Is this mold??? - Fiberglass RV


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Old 01-05-2018, 06:01 PM   #1
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Name: Frederic
Trailer: 1976 beachcomber
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Is this mold???

We gutted our 1976 Beahcomber and we are now to the fiberglass interior only. We knew we had damage...hence the gutting! Did extensive research on how to kill and remove black mold...tried all the tricks listed: 1- Vinegar; 2- Vinegar and baking soda; 3 - Mold killer from the store; 4 - Bleach and water and yet the black mold is still there????? And I scrubbed! Is this normal? Is this even mold? Here are pics. Please any insights would be appreciated.
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Old 01-05-2018, 07:42 PM   #2
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Name: Eddie
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I would treat everything with Concrobium Mold Control, it kills and treats the surface so mold won't grow. I see they now have an extreme mold stain remover. If you are worried about the mold returning. Deal with it like asbestos cover it up and seal it. Mix up some resin and coat all the surfaces to seal things up.
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Concrobium products are sold on Amazon and check out their website and videos.
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Old 01-05-2018, 10:54 PM   #3
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Name: bill
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You can actually test it for mold. Seal it up and have it tested would be my recommendation.
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Old 01-06-2018, 04:32 AM   #4
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Name: K C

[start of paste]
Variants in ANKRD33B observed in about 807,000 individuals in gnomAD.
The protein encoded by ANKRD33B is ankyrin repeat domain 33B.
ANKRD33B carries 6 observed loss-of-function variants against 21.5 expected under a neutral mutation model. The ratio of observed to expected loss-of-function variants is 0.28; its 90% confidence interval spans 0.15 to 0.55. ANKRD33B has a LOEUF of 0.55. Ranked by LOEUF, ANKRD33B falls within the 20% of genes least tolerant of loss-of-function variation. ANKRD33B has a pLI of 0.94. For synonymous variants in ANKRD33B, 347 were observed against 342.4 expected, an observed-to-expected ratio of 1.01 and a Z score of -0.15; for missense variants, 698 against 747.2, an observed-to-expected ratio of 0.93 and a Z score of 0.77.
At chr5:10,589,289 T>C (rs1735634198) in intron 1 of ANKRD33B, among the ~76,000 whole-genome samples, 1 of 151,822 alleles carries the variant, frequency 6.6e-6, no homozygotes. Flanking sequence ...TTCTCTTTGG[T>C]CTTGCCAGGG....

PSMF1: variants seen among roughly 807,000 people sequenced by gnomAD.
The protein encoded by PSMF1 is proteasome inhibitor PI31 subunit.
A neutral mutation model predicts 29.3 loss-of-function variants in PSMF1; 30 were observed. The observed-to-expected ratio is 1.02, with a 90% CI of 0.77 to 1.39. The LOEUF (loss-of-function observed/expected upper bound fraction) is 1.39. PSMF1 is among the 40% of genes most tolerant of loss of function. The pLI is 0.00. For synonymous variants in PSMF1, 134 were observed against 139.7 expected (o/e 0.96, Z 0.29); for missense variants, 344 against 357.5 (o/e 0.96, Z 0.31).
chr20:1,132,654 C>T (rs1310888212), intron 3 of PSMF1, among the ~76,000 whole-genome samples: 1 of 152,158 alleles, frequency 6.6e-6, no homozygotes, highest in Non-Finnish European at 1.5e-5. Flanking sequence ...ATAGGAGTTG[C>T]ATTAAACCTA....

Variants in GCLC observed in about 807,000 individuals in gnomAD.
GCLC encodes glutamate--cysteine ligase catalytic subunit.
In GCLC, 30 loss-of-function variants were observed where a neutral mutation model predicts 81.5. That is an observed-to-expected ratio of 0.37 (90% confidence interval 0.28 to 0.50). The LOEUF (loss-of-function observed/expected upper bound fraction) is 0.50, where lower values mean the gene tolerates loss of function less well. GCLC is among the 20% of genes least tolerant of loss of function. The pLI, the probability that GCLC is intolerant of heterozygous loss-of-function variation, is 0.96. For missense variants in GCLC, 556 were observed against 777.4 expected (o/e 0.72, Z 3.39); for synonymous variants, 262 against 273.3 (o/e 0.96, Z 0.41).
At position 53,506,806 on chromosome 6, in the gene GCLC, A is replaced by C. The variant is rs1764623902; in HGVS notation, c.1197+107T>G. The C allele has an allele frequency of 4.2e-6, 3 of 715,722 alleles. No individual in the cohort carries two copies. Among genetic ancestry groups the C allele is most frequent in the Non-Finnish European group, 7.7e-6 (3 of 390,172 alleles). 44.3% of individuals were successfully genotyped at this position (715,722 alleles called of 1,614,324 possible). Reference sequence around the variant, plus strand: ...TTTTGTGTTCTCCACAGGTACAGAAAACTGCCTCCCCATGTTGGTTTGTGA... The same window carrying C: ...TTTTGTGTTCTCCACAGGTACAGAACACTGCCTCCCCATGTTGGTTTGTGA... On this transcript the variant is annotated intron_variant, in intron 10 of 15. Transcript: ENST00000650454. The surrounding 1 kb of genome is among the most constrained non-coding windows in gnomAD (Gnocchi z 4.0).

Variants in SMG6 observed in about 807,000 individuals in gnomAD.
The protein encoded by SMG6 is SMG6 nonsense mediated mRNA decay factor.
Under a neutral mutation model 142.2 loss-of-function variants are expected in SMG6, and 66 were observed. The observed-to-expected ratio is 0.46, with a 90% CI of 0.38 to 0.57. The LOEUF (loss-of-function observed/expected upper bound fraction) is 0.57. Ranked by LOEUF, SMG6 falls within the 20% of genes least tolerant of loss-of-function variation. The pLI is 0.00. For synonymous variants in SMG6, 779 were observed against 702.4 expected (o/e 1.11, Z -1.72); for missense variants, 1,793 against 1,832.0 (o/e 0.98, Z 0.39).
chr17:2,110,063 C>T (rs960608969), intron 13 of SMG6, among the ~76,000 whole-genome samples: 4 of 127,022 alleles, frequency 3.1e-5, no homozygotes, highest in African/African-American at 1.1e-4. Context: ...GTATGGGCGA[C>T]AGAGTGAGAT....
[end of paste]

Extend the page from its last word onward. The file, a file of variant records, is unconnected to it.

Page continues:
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It would be difficult to scrub every bit of mold stain off a rough surface. But as to finding some small amounts of it on the surface of the shell of a fiberglass trailer it does not count as being a rare event. What I see in your photo is certainly not an extreme problem. Very much normal in older trailers that are in higher humidity climates other than that of a desert. Mold is all around us in the woods, garden etc. It feeds on moist dirt and substrates such as wood, cloth, etc. So keeping the moisture and dirt from getting behind the walls is actually a major part of having a mold free trailer.

Don't fret over it, that kind of black mold is not toxic, it is just your common and literally garden variety of black mold.
Go to the grocery store in the laundry detergent aisle and purchase some Borax laundry additive. Wash your shell with that. Borate is great for both killing mold and also for preventing it. You don't have to rinse the shell afterwards but if there is heavy mold growth you would want to do some wash, rinse then wash again without a final rinse. Leaving it on the surface helps prevent mold growth. The newer, non toxic version of pressure treated lumber use borates. The companies that make blow in insulation products put borate in it to prevent mold from growing in the insulation.


Here is some more information on using borate for cleaning up and preventing regrowth of mold. Ignore the web page title of "toxic" you don't have the toxic type. What you have is the same stuff that is on the backside of the leaves of trees, the mildew that gets on damp fabrics, etc. But other than the scare tactic title for the website they do have good information on how to use borate to clean it up. Living in the very damp Pacific Northwest I have had to educate myself on what that kind of black mold is and how to handle it when I find it growing on surfaces around the house, the outside and even in my RVs. Understanding leads to the attitude of...that is an easy fix, it is not major crisis, no reason to go into panic mode. Does Borax Kill Mold? Cleaning, Removal, Powder, Detergent, Solution